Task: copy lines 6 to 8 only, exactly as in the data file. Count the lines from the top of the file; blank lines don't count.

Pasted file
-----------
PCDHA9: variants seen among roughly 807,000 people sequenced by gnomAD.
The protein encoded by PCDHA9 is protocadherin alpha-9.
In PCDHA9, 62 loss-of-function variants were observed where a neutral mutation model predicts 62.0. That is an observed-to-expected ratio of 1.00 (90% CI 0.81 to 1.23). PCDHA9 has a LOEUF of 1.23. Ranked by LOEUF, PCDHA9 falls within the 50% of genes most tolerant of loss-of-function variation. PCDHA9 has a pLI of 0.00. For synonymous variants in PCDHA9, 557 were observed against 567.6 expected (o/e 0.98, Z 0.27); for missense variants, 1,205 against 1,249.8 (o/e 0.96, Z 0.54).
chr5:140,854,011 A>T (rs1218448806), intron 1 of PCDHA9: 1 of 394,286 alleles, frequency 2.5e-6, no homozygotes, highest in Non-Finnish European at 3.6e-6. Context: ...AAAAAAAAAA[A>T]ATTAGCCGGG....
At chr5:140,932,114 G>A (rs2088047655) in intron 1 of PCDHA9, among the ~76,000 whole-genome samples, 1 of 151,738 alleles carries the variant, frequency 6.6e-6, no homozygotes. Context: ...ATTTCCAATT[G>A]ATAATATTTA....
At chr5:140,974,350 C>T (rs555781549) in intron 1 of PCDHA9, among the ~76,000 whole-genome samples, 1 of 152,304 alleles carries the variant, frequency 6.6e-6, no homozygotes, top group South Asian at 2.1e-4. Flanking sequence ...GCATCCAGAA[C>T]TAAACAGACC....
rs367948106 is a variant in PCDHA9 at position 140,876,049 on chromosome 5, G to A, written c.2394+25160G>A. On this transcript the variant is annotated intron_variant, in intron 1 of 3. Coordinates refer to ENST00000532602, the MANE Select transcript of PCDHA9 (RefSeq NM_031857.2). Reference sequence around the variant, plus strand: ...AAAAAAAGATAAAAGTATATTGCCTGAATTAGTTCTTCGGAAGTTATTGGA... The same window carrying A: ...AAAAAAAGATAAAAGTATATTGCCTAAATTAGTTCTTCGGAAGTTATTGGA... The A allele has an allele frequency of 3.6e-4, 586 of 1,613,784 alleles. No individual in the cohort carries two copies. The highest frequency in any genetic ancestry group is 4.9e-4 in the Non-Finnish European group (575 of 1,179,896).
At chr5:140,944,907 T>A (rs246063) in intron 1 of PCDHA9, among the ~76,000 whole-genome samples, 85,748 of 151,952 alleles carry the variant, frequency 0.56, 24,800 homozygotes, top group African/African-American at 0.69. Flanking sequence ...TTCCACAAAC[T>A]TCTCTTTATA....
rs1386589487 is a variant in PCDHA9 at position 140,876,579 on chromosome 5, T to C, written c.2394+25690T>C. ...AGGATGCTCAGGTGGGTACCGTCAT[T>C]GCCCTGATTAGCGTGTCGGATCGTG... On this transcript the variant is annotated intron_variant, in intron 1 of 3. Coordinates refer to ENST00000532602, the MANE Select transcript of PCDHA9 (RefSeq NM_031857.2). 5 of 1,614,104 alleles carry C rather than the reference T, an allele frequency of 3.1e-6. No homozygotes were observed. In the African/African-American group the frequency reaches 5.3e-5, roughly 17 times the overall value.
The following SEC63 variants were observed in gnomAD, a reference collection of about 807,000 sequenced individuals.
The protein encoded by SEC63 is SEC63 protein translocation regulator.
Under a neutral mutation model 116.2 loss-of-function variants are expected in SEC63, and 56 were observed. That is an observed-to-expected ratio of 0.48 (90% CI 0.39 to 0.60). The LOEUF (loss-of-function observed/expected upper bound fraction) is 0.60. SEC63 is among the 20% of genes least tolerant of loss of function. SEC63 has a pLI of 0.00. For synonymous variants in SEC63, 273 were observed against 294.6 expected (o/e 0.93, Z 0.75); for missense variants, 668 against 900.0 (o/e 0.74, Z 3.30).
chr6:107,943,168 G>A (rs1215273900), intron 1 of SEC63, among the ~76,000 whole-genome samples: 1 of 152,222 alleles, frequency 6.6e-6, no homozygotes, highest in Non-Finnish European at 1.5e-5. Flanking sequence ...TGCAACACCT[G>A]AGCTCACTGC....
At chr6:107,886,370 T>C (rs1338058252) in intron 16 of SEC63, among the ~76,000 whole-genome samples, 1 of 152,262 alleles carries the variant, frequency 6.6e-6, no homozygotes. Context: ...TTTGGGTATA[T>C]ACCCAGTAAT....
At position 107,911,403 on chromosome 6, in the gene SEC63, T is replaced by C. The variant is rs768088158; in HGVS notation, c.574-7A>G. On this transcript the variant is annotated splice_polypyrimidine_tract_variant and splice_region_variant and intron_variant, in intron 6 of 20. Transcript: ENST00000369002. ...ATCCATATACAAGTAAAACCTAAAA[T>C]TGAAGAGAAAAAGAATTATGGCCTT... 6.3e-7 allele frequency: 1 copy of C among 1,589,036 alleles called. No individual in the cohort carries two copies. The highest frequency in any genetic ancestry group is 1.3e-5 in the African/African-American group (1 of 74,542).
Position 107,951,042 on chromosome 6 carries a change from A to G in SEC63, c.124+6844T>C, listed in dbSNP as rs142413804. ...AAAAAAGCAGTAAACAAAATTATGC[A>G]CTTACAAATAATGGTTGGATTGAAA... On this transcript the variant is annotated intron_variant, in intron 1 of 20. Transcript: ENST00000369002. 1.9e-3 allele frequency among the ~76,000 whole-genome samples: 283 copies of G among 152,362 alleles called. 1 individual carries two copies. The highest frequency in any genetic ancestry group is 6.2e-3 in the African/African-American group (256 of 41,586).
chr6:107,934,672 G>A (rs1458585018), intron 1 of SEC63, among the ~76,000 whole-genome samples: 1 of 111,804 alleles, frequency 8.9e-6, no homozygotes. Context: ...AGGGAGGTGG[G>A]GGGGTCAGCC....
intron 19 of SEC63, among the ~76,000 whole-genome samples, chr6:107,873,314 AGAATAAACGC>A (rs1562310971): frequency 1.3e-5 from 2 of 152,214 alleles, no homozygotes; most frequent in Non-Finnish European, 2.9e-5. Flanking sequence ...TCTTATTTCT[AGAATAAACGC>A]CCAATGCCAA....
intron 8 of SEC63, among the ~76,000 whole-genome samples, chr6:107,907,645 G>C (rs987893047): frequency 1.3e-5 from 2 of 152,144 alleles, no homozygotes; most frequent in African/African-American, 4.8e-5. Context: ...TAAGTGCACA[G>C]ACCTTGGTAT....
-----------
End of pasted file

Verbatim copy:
At chr5:140,974,350 C>T (rs555781549) in intron 1 of PCDHA9, among the ~76,000 whole-genome samples, 1 of 152,304 alleles carries the variant, frequency 6.6e-6, no homozygotes, top group South Asian at 2.1e-4. Flanking sequence ...GCATCCAGAA[C>T]TAAACAGACC....
rs367948106 is a variant in PCDHA9 at position 140,876,049 on chromosome 5, G to A, written c.2394+25160G>A. On this transcript the variant is annotated intron_variant, in intron 1 of 3. Coordinates refer to ENST00000532602, the MANE Select transcript of PCDHA9 (RefSeq NM_031857.2). Reference sequence around the variant, plus strand: ...AAAAAAAGATAAAAGTATATTGCCTGAATTAGTTCTTCGGAAGTTATTGGA... The same window carrying A: ...AAAAAAAGATAAAAGTATATTGCCTAAATTAGTTCTTCGGAAGTTATTGGA... The A allele has an allele frequency of 3.6e-4, 586 of 1,613,784 alleles. No individual in the cohort carries two copies. The highest frequency in any genetic ancestry group is 4.9e-4 in the Non-Finnish European group (575 of 1,179,896).
At chr5:140,944,907 T>A (rs246063) in intron 1 of PCDHA9, among the ~76,000 whole-genome samples, 85,748 of 151,952 alleles carry the variant, frequency 0.56, 24,800 homozygotes, top group African/African-American at 0.69. Flanking sequence ...TTCCACAAAC[T>A]TCTCTTTATA....